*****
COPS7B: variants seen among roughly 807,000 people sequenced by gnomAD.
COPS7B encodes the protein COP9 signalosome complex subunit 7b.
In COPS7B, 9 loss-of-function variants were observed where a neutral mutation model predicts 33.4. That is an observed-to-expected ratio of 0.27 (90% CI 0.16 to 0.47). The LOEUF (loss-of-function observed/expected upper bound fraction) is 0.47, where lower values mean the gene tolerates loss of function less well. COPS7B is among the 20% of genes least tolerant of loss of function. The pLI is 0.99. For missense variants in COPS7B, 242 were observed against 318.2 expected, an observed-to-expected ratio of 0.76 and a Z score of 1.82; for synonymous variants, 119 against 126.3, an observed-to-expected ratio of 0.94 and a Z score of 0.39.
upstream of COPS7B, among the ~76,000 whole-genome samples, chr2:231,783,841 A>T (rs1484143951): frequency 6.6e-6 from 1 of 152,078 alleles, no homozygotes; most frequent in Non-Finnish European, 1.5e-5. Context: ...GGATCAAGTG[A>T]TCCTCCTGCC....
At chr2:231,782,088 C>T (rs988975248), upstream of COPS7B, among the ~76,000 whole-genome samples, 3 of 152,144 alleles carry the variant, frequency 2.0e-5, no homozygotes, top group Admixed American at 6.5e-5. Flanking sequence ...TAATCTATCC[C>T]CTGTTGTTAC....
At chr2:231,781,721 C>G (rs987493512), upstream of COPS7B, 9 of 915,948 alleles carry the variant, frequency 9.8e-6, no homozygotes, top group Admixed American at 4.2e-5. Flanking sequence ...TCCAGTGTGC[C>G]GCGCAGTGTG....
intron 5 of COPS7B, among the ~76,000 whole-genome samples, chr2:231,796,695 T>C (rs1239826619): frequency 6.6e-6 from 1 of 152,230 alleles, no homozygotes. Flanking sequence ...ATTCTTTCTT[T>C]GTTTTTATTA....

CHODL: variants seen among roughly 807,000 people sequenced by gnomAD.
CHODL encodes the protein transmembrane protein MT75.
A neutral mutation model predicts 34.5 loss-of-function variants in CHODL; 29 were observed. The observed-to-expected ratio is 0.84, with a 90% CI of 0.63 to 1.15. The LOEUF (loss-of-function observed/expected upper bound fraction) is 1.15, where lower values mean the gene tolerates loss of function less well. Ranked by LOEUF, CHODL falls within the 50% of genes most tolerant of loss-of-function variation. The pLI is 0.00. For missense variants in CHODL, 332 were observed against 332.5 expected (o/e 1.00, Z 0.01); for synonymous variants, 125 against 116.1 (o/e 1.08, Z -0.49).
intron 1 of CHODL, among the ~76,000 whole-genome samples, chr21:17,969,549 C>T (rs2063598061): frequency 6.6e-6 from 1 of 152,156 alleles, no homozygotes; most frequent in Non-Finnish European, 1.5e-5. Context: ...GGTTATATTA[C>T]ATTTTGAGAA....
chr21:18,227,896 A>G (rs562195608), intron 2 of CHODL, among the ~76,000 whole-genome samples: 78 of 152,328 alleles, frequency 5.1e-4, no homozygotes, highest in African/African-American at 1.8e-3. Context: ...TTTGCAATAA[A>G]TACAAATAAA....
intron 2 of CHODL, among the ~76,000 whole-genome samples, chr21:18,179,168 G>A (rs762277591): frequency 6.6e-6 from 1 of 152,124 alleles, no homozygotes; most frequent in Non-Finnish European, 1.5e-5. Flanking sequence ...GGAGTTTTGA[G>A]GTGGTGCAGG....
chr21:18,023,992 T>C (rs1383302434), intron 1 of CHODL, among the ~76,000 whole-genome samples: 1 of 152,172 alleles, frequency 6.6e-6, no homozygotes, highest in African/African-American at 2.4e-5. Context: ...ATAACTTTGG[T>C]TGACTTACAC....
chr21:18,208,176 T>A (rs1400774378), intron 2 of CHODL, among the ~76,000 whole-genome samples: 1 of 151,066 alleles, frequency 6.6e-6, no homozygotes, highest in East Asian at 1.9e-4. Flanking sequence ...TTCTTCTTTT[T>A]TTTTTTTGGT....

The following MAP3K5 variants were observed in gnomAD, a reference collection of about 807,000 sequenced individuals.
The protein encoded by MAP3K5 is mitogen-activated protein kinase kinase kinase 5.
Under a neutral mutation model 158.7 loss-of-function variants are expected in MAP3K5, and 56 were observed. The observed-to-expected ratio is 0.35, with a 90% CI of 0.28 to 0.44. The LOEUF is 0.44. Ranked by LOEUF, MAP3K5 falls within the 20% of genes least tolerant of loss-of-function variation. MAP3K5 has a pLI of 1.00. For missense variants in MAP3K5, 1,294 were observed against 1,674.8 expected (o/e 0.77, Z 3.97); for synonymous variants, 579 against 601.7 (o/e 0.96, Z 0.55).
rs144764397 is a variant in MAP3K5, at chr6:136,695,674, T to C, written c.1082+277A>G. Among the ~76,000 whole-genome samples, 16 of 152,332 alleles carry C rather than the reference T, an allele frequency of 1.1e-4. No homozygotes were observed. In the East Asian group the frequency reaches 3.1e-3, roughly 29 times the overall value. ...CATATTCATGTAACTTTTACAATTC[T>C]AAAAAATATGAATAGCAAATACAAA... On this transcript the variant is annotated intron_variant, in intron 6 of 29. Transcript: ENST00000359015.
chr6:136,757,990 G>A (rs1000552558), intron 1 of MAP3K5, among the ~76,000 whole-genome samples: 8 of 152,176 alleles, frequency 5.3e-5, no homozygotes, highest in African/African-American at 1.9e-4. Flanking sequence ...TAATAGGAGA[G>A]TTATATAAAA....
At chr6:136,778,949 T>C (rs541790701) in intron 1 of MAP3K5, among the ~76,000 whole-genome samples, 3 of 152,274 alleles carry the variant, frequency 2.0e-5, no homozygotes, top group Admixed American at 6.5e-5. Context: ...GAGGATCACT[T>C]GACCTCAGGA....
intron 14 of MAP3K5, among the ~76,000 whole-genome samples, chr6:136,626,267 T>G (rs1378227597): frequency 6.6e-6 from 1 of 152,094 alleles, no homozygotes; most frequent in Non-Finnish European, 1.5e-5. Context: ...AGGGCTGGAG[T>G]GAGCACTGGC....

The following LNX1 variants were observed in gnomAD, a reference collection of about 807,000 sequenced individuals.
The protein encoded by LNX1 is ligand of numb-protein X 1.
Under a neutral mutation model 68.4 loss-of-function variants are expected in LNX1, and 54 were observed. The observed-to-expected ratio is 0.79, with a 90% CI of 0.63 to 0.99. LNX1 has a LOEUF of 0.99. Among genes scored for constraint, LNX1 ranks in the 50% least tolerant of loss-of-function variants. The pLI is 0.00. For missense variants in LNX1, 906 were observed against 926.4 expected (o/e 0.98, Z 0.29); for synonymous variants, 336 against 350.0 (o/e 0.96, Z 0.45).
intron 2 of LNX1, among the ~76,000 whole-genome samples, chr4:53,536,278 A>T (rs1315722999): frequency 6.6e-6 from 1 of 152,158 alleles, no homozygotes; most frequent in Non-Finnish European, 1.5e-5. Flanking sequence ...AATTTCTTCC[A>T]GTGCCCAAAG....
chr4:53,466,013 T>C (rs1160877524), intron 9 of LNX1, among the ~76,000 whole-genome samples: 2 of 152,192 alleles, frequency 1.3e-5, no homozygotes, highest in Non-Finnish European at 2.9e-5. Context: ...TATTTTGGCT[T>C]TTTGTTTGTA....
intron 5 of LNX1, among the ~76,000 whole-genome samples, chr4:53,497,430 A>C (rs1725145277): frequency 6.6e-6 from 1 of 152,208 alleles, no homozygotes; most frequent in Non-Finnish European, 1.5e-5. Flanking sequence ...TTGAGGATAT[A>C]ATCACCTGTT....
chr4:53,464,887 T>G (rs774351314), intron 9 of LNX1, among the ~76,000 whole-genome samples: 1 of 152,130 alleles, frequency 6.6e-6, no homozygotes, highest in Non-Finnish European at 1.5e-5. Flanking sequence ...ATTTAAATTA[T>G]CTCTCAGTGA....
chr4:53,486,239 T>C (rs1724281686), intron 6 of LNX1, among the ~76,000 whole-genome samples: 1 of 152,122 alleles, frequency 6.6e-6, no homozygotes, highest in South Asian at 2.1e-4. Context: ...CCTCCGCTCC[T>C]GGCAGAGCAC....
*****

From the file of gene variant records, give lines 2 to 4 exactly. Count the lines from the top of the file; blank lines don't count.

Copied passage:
COPS7B encodes the protein COP9 signalosome complex subunit 7b.
In COPS7B, 9 loss-of-function variants were observed where a neutral mutation model predicts 33.4. That is an observed-to-expected ratio of 0.27 (90% CI 0.16 to 0.47). The LOEUF (loss-of-function observed/expected upper bound fraction) is 0.47, where lower values mean the gene tolerates loss of function less well. COPS7B is among the 20% of genes least tolerant of loss of function. The pLI is 0.99. For missense variants in COPS7B, 242 were observed against 318.2 expected, an observed-to-expected ratio of 0.76 and a Z score of 1.82; for synonymous variants, 119 against 126.3, an observed-to-expected ratio of 0.94 and a Z score of 0.39.
upstream of COPS7B, among the ~76,000 whole-genome samples, chr2:231,783,841 A>T (rs1484143951): frequency 6.6e-6 from 1 of 152,078 alleles, no homozygotes; most frequent in Non-Finnish European, 1.5e-5. Context: ...GGATCAAGTG[A>T]TCCTCCTGCC....